Tuesday, December 2, 2008

balancing homemaking and ministry (1) my journey

Scene 1: child 1

I was a university staffworker, 29 years old, when I became pregnant for the first time. I'd recently finished my history PhD. I'd been married to Steve since I was 21. It took 2 years to get pregnant: and I can't remember ever getting better news! Even better when I saw our beautiful daughter for the first time.

I'd always assumed I'd stay home full-time and care for our children. From full-time study, to full-time university ministry, to full-time homemaking. One child and very little sleep, but I still made it to the main meetings of our uni Christian group. Elizabeth (bless her!) sat quietly while I listened to the Bible talk, or at a table in the caff, munching happily on the snacks I'd brought while I chatted with students or mentored Rachel.

Scene 2: child 2

Six weeks after having my second child, I got the flu, which led to post-viral post-natal post-something depression, and my world feel apart. It wasn't severe, but I cried for an hour or 2 every day for a few months, and it was 2 years before I was physically and emotionally strong again.

As for being involved in ministry, Ben (bless him!) turned out to be a chatterbox, and my days of hanging out at uni meetings were over. I still mentored one girl each year. I was happy caring for our home and family, but feelings of resentment and regret at the ministry I'd given up came and went.

Until the life-changing day I picked up Elizabeth George's A Woman after God's own Heart. It desribed marriage, homemaking and motherhood as a high and noble calling, requiring love, energy, organisation, prayer, self-sacrifice, commitment and contentment. Homemaking was transformed from something I did because that's what I did, to something I could whole-heartedly throw myself into with all my energy. As usual, I threw myself in with such enthusiasm that I burnt out for a while, and didn't read another homemaking book for many years!

Scene 3: child 3

It was our third baby who broke the proverbial back of ministry outside the home. Up to that point I'd managed to mentor one girl each year, but I had no extra time with a 5 year old, a 3 year old, and baby Thomas to care for. None of my children took kindly to playgroup, so my contact with non-Christian mums was limited to school and kinder, and my only ministries were hospitality, leading Sunday School and encouraging mums at church.

I remember the years with baby Thomas, then baby Andrew, as years of contentment as I stayed home and cared for our family. I didn't often resent not having much time for ministry outside the home. Homemaking was something I did with single-minded purpose and enthusiasm: I had learnt, finally, that this is a way we can serve God with all our hearts, caring for the people he has given us to care for.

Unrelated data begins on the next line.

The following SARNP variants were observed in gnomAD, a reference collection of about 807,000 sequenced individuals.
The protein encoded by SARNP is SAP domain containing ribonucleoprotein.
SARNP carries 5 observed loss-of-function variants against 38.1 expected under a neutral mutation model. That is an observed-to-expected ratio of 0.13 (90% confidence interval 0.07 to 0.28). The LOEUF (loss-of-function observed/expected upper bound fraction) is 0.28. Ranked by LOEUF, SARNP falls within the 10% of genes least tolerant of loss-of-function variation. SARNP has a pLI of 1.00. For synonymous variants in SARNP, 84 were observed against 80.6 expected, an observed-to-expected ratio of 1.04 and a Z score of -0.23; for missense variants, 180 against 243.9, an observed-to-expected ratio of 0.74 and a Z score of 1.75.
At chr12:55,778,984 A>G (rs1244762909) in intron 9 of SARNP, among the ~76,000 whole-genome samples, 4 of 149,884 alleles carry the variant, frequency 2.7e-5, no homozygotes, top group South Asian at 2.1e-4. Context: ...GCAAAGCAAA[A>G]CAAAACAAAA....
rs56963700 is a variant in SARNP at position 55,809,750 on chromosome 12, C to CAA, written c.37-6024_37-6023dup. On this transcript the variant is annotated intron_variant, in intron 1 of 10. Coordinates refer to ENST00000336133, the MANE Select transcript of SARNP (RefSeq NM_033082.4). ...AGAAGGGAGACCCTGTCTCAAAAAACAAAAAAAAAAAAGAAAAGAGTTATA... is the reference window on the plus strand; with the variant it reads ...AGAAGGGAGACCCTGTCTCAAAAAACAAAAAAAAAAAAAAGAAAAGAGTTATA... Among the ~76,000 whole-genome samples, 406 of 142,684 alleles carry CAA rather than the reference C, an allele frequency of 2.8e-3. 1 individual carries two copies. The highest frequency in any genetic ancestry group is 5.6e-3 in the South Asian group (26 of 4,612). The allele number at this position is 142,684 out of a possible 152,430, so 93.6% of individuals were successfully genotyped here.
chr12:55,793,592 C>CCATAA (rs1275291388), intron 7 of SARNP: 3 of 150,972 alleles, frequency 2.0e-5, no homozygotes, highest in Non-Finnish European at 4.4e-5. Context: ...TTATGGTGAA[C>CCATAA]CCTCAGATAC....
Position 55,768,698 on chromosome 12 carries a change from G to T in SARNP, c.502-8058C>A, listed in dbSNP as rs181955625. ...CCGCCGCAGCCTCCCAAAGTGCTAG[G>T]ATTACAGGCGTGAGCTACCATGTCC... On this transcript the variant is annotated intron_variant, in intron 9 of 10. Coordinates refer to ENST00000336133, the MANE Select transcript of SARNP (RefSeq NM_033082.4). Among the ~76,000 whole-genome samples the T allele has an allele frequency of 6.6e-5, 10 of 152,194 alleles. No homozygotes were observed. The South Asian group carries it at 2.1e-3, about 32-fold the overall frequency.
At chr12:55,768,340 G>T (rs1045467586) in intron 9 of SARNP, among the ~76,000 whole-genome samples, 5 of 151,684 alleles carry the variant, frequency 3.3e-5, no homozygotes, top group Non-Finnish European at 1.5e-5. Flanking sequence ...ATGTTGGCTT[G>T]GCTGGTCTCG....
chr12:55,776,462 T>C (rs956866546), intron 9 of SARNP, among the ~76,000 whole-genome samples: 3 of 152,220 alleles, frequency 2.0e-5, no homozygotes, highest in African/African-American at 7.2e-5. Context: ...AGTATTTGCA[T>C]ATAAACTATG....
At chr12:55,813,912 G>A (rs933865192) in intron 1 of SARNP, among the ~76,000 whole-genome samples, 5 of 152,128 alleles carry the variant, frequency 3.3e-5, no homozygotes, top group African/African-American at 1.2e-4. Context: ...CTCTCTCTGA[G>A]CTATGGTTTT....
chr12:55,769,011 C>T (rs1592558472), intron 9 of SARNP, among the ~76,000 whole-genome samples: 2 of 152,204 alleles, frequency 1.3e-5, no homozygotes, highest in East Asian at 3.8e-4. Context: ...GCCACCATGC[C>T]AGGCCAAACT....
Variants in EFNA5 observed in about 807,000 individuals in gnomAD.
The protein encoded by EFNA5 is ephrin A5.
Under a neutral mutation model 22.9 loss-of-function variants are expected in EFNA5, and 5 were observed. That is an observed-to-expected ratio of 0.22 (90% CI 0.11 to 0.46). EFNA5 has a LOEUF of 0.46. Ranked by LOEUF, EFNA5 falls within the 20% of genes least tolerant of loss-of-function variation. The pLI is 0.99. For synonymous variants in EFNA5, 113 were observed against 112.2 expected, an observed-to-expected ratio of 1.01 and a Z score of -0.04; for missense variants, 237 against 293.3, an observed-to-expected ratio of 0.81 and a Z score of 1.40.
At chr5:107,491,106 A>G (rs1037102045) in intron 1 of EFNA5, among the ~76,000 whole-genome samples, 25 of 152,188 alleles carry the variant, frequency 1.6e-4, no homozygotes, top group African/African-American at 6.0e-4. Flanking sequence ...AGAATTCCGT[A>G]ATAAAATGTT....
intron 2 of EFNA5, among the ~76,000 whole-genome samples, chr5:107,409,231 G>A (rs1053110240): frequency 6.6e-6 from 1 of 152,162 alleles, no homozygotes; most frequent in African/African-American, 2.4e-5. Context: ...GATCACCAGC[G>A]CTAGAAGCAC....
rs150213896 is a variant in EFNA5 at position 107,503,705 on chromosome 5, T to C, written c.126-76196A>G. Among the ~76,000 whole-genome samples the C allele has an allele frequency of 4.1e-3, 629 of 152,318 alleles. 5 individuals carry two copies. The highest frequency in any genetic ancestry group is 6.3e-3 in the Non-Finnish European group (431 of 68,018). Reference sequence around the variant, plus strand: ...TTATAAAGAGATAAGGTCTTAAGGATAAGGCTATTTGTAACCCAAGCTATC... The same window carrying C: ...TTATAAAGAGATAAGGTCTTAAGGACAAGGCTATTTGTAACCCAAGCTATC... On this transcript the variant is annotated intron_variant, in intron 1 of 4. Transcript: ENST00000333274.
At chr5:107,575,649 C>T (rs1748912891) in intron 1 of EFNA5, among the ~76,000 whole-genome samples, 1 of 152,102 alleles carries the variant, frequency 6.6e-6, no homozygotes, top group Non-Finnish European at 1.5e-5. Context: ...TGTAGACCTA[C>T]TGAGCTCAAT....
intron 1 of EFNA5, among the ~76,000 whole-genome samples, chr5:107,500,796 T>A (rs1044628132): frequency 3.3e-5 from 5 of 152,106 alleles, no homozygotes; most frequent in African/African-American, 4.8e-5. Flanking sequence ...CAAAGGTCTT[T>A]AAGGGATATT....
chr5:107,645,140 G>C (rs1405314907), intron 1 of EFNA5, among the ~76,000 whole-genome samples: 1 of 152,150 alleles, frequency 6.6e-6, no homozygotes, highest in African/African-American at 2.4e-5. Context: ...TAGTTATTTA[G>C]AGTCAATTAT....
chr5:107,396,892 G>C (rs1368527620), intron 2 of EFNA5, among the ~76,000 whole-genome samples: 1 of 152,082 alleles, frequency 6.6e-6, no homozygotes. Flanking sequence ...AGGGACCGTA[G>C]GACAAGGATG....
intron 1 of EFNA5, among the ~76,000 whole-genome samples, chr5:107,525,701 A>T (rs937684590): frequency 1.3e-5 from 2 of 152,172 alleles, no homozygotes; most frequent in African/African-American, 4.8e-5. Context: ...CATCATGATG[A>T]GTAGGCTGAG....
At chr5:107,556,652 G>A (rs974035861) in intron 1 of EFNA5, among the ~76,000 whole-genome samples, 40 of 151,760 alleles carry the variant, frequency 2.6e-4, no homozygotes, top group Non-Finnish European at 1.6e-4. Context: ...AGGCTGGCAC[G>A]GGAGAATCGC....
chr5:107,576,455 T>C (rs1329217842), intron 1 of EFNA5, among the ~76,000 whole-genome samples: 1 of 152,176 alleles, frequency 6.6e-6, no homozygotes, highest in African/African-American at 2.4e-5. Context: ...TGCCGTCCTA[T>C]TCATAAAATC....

Scene 4: child 4

An odd psychological shift happened when Andrew turned 2 last year. This would normally be the time I'd be gearing up for another exhausting pregnancy, 9 months of morning sickness, breathlessness and sleeplessness, and months of intense baby care. But there were no more children on the horizon.

Which is where you come in. Dreaming of all the ministry I could do with only 4 children to care for (ha!) the word "blog" flashed into my mind. From blogging to writing, from writing to seminars, from seminars to leading a Bible study, and I'd have to admit (as usual) that I've thrown myself into things a little too enthusiastically. This year, I've learned what it feels like when you get the balance wrong, and your family pays the price for too much ministry outside the home.

So what have I learnt? That helping my husband, loving our children, and caring for our home, is an honourable and joyous profession. That it doesn't matter what training or ministry experience I have, it may be necessary to set these aside for a time, to throw myself into the precious, brief years of young babies and children. That the balance between homemaking and ministry shifts depending on number of children, their age, my health, and our situation. That I need to be very careful how much outside ministry I take on, accept my husband's guidance, and listen to the wise advice of others, so that I have enough energy and time for my home and family.

That's my story so far. Believe me, I'll be planning next year's ministry with greater care and wisdom, but I'll tell you about that in a few day's time, God willing.

1 comment:

mattnbec said...

We don't have four kids, and I've not had PND, but I identify with a good deal of your journey in learning to balance homemaking and ministry. Interesting.